Mina, diva degli Anni 60 e 70. Mina, mito assoluto della musica italiana. Mina icona di stile. Uno stile più che riconoscibile, a partire dal make up fino alle mise che hanno fatto la storia della TV italiana in quei fortunati anni.

Ma com’erano i suoi look quando era lontano dal palcoscenico? ha selezionato una serie di scatti street style che ritraggono la Tigre di Cremona – come è soprannominata – nella sua vita privata. Nelle foto si può notare l’evoluzione di stile che parte dalle silhouette ad A degli Anni 60 fino ad arrivare alla linea svasata Seventy style.


Reebok drops The First ‘Cotton + Corn’ Shoe

Global fitness brand Reebok has dropped its first plant-based shoe — the ‘NPC UK cotton + corn.’ the model combines the vegetable, corn, with cotton as the key ingredients used in manufacturing. the design of the sneaker sees the upper comprised of organic cotton and the base from industrially grown corn (a non-food source).

For this project, rebook partnered with dupont tate & lyle bio products, who developed susterra® propanediol.
Dupont tate & lyle bio products provided a ‘pure, petroleum-free, non-toxic, 100% USDA certified bio-based product, derived from field corn,‘ used to make the sole of the shoes. in addition, the color is comprised of undid materials with the packaging 100% recycled, and the insole made from castor bean oil.

The cotton + cotton project is part of reebok’s initiative to make shoes out of things that grow.
According to bill mcinnis, head of reebok future, the ultimate goal is to ‘create a broad selection of bio-based footwear that can be composted after use. We’ll then use that compost as part of the soil to grow the materials for the next range of shoes. We want to take the entire cycle into account; to go from dust to dust.‘

via designboom

THE BLANKET at Burning Man 2018

Giant NASA Space Blanket Planned to Cover This Year’s Burning Man

With announcements of a giant reflective orb installation almost complete, this year’s upcoming Burning Man festival looks to up the ante on large, reflective installation pieces. The latest installation proposal is a 10,000 square meter reflective silver NASA space blanket designed by Russia-based architect Sasha Shtanuk.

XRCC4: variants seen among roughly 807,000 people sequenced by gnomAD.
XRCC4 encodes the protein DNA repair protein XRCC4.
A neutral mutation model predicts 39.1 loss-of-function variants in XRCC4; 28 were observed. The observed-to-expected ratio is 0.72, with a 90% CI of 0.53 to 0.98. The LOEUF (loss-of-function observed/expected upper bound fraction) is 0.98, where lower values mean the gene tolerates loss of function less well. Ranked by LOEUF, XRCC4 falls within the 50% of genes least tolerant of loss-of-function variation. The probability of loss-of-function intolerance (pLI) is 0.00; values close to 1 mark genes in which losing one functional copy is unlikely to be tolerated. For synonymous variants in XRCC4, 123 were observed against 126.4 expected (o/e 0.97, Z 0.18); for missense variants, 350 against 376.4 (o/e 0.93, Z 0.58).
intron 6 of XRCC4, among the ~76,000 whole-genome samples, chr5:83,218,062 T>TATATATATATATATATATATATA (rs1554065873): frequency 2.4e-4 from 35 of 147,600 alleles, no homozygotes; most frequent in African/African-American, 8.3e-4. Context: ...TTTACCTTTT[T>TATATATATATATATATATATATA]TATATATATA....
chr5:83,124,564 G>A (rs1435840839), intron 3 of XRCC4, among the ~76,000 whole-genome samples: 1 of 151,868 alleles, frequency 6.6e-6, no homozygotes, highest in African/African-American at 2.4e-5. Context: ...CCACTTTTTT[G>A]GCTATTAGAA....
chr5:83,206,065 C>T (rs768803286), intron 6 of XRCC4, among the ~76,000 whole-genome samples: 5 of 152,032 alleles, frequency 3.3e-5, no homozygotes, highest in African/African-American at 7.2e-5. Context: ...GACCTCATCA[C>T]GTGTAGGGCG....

The large reflective blanket will be made of 3,350 ultralight polyester NASA space blankets, which will constantly change shapes to look like gigantic waves. The installation will also provide a chilly gathering space in the hot desert location, since the metallic silver side of the blanket reflects up to 97 percent of radiated heat.

To bring the project to life, Shtanuk has started an Indiegogo campaign to help raise funds for the materials and transportation of the giant NASA space blanket installation, which has a flexible goal of $17,500 USD.

shtanuk aims at bringing a safe and friendly gathering space into the hot desert. ‘ever since we were children and throughout our lives, we share the space under the blanket with lovers, friends, and family,’ says the architect. ‘under the blanket, there are no strangers.’


Artificial Swarms In The Nature

Thomas Jackson’s work is confusing but certainly also fascinating. On his photographs, beautiful landscapes are invaded by sculptural swarms of cheap and junky objects, from cheese balls to plastic bags. They are placed in nature, where they don’t belong, in a conversational way. They dialogue with the landscape, the weather, whoever passes by, and are as well ready to start conversing with you since, above all, the artist wants the viewer to interpret these mesmerizing photographs freely. Let’s go?

via Metal Mag

Vinyl Records Turn Into ‘Music You Can See’ In New AR App By Wieden + Kennedy